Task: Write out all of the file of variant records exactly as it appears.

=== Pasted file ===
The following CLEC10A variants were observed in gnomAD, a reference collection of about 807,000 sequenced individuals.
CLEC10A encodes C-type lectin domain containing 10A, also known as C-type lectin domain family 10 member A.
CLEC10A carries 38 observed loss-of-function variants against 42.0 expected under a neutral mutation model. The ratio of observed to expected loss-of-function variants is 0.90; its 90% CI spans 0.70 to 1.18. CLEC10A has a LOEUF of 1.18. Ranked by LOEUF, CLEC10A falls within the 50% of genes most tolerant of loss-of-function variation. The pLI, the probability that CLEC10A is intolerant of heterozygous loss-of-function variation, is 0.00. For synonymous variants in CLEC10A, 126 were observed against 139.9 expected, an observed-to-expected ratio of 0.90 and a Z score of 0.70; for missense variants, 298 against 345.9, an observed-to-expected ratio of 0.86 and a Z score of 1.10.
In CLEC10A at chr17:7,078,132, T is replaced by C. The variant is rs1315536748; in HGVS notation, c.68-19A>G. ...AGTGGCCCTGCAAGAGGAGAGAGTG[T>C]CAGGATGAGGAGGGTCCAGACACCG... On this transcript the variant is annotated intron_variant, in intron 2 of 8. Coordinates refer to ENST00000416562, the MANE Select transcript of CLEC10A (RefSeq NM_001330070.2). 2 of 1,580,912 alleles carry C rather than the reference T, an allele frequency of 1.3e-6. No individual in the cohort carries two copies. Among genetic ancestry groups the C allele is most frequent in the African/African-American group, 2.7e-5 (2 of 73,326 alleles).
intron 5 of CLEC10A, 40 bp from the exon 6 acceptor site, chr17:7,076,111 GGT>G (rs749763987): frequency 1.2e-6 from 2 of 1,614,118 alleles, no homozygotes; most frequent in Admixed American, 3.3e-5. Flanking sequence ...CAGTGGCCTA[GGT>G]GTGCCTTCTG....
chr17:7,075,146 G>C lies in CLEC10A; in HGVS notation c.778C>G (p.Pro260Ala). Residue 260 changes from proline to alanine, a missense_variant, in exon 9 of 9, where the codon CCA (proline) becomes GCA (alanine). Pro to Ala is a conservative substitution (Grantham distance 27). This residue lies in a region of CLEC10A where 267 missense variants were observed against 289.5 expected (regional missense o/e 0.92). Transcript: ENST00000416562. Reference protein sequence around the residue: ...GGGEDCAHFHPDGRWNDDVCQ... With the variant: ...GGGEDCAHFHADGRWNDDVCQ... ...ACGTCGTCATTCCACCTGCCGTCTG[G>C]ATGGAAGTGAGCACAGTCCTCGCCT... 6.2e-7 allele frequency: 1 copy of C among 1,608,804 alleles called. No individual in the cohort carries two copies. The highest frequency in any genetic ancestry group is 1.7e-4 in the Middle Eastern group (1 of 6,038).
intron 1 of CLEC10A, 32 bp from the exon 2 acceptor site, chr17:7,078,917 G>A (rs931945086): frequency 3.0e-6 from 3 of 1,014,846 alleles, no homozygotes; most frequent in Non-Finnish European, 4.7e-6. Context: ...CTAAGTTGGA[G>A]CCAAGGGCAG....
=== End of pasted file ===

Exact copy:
The following CLEC10A variants were observed in gnomAD, a reference collection of about 807,000 sequenced individuals.
CLEC10A encodes C-type lectin domain containing 10A, also known as C-type lectin domain family 10 member A.
CLEC10A carries 38 observed loss-of-function variants against 42.0 expected under a neutral mutation model. The ratio of observed to expected loss-of-function variants is 0.90; its 90% CI spans 0.70 to 1.18. CLEC10A has a LOEUF of 1.18. Ranked by LOEUF, CLEC10A falls within the 50% of genes most tolerant of loss-of-function variation. The pLI, the probability that CLEC10A is intolerant of heterozygous loss-of-function variation, is 0.00. For synonymous variants in CLEC10A, 126 were observed against 139.9 expected, an observed-to-expected ratio of 0.90 and a Z score of 0.70; for missense variants, 298 against 345.9, an observed-to-expected ratio of 0.86 and a Z score of 1.10.
In CLEC10A at chr17:7,078,132, T is replaced by C. The variant is rs1315536748; in HGVS notation, c.68-19A>G. ...AGTGGCCCTGCAAGAGGAGAGAGTG[T>C]CAGGATGAGGAGGGTCCAGACACCG... On this transcript the variant is annotated intron_variant, in intron 2 of 8. Coordinates refer to ENST00000416562, the MANE Select transcript of CLEC10A (RefSeq NM_001330070.2). 2 of 1,580,912 alleles carry C rather than the reference T, an allele frequency of 1.3e-6. No individual in the cohort carries two copies. Among genetic ancestry groups the C allele is most frequent in the African/African-American group, 2.7e-5 (2 of 73,326 alleles).
intron 5 of CLEC10A, 40 bp from the exon 6 acceptor site, chr17:7,076,111 GGT>G (rs749763987): frequency 1.2e-6 from 2 of 1,614,118 alleles, no homozygotes; most frequent in Admixed American, 3.3e-5. Flanking sequence ...CAGTGGCCTA[GGT>G]GTGCCTTCTG....
chr17:7,075,146 G>C lies in CLEC10A; in HGVS notation c.778C>G (p.Pro260Ala). Residue 260 changes from proline to alanine, a missense_variant, in exon 9 of 9, where the codon CCA (proline) becomes GCA (alanine). Pro to Ala is a conservative substitution (Grantham distance 27). This residue lies in a region of CLEC10A where 267 missense variants were observed against 289.5 expected (regional missense o/e 0.92). Transcript: ENST00000416562. Reference protein sequence around the residue: ...GGGEDCAHFHPDGRWNDDVCQ... With the variant: ...GGGEDCAHFHADGRWNDDVCQ... ...ACGTCGTCATTCCACCTGCCGTCTG[G>C]ATGGAAGTGAGCACAGTCCTCGCCT... 6.2e-7 allele frequency: 1 copy of C among 1,608,804 alleles called. No individual in the cohort carries two copies. The highest frequency in any genetic ancestry group is 1.7e-4 in the Middle Eastern group (1 of 6,038).
intron 1 of CLEC10A, 32 bp from the exon 2 acceptor site, chr17:7,078,917 G>A (rs931945086): frequency 3.0e-6 from 3 of 1,014,846 alleles, no homozygotes; most frequent in Non-Finnish European, 4.7e-6. Context: ...CTAAGTTGGA[G>A]CCAAGGGCAG....